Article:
Forced Out

The horizon had been swallowed up by the thickly encroaching treeline, and the sun had begun to follow close behind. Vines weaved through each other like tapestry, draping themselves through the canopies and hanging down over the trail like thick, lazy snakes. Taylor stepped cautiously, pausing at every echo of gunfire exploding out of the city behind her. She was safe in here, she would tell herself, ‘the vigilantes will crush whatever this is and everything will be back to normal’.

She had known the Overgrowth was deep, thick, but never r
ealized the extent of it. She limped along the remains of the paved street, crawling over fallen trees and tripping over tightly wound vines. The gun she took from a fallen rioter sat lazily in her pocket. With every heavy step, every misplaced footing, she would wince at the thought of the piece firing off into her leg. It was loaded, the safety was off, she had no idea how to check either of these for sure. She resolved to keep moving forward, and try as she might, her mind lapsed to what happened at Savers, mulling over it with equal measures of disbelief and abject sadness.

It’s the smell, a sickening, caustic aroma of hot metal and gunpowder, grease and smoke. Makes everything so much more visceral. When guns are sounding off around you, and your ears are ringing, your eyes are blinded from the flash, your mind is reeling with fear, it’s the smell that stands out. And the taste, a grotesque cocktail of dust and sweat and iron. Bottle it. Bottle that scent into an atomizer and pack that taste into a liquor. It’s all a special kind of evocative. It reminds you how fragile you really are, how quickly you can be cut down.

Taylor’s foot caught on a particularly well hidden root. She fell forward onto the cracked asphalt, tearing through the soft skin on her hands. She turned herself over to sit at the base of a fallen tree, biting her lip and holding her stinging hand.

Your beauty, your youth, your perfection. All the good you’ve done and all the good you’re planning to do matter very little when facing down the barrel of a shotgun. But it’s all so unreal when the mundanity of life is uprooted in such a spectacular way. Like a fever dream, spiraling in and out of a semblance of reality. No. No no no. This isn’t happening.

It was just a trip to Savers. She was to donate some food and her time during their mid-day rush. She would greet the counter with a smile and she would ask to help and they would let her in exchange for food and medicine and she would greet everyone with a smile and she would see a few friends and have fun and make jokes and everyone would like her and—‘. Her mind spiraled out. The door was kicked in soon after she arrived. A tall, boiled over gentleman in rags, bearded with a voided stare oozing from his eyes stepped in, cautiously.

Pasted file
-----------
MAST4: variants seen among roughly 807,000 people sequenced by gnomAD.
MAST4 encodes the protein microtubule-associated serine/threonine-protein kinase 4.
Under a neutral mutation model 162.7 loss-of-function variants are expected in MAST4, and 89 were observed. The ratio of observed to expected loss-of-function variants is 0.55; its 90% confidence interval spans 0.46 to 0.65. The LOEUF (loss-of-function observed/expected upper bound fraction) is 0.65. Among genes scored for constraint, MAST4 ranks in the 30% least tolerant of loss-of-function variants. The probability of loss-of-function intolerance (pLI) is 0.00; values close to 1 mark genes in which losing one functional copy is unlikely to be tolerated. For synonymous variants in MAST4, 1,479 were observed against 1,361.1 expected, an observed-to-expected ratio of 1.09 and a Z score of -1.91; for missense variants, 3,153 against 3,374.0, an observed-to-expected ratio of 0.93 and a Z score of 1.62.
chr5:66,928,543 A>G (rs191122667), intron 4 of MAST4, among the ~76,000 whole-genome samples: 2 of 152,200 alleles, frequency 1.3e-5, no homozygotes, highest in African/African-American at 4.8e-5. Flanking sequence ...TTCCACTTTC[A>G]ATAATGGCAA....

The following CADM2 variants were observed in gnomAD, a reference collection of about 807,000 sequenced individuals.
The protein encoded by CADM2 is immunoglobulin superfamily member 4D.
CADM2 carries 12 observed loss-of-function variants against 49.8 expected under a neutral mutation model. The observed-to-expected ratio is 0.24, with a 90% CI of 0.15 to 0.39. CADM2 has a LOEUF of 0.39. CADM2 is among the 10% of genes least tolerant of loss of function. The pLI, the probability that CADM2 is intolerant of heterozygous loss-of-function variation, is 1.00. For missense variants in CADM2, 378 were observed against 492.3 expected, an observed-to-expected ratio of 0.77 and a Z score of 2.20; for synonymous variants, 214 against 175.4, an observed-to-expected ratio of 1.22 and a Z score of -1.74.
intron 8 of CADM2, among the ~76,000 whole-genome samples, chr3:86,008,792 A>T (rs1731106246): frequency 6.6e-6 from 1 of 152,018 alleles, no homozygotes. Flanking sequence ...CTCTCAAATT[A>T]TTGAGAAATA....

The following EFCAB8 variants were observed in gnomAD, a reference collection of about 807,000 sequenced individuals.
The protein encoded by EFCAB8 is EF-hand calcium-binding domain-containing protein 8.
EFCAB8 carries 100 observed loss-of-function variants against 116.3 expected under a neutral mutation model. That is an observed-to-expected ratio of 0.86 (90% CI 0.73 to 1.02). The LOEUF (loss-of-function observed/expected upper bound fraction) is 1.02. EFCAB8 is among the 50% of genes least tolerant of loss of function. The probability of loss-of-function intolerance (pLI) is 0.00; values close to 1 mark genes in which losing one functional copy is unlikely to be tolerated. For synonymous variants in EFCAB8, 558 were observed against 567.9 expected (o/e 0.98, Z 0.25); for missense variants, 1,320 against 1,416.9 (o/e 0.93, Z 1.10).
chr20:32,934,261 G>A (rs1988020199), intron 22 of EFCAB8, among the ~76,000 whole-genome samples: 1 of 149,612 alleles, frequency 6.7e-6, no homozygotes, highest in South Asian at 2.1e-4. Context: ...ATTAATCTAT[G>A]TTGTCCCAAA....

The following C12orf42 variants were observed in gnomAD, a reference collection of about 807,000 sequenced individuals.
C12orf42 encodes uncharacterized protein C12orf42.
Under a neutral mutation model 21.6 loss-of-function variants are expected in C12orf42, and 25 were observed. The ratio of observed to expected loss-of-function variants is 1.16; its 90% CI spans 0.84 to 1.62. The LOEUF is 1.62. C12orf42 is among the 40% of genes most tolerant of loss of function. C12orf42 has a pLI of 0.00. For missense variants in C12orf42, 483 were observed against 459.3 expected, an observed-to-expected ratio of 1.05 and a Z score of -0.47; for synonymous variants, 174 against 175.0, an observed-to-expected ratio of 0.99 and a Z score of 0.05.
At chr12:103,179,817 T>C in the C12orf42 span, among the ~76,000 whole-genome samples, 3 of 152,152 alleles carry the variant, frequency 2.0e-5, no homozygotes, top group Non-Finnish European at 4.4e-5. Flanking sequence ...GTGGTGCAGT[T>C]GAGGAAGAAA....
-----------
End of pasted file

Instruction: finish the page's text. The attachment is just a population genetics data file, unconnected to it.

Nobody ran. A crazed man with a heavy shotgun breaks down the door, and nobody runs. They just stared. His eyes darted around the room, and without any more warning, he opened fire. A line of people staggered and fell with inhuman thuds, like the culmination of their being was the sound of bloody meat hitting granite floor. He trained his gun on Taylor, who backed herself into a wall. A pause. Slow. His eyes met hers, tired and lost, his beard caked in grime and sticky with sweat. But that face, she knew that face. Isaac. He lowered his gun. Taylor ran. Outside, more gunshots.

A pellet had grazed her shoulder, though she only realized after the ache refused to subside. It left a bruise, nothing terrible though. The bleeding had since stopped. She relaxed her body against the tree, her feet aching from the trek, her heart beating out of her chest. She took a deep breath and held it, letting it out slowly. Yes, she was safe. This place was safe. All the stories and the warnings, and yet right now, the Overgrowth succeeds in being the safest place Taylor could be.

A haunting wind made the trees around her shutter, dance, letting go of loose leaves that fell onto the path before being whipped up by another gust. The quiet punctuated by the occasional round of echoing gunfire from the rioting city.

She couldn’t have known what happened, but she hazard to guess that the slums spilled over into the rest of the city. All that unrest, it reached its boiling point. Somehow someone got a gun, and all went out of control from there.
Taylor got back to her feet, hobbling on a twisted ankle. She inspected her wound, drew her gun from pocket and pored over its detail in what little light was available. ‘This will all blow over’. She dragged herself off the path, she would bunker down in the thick until all the gunfire stopped. Every step sent sharp, electric pain up her leg and into the rest of her body. God it hurt. But god did feel good to be alive.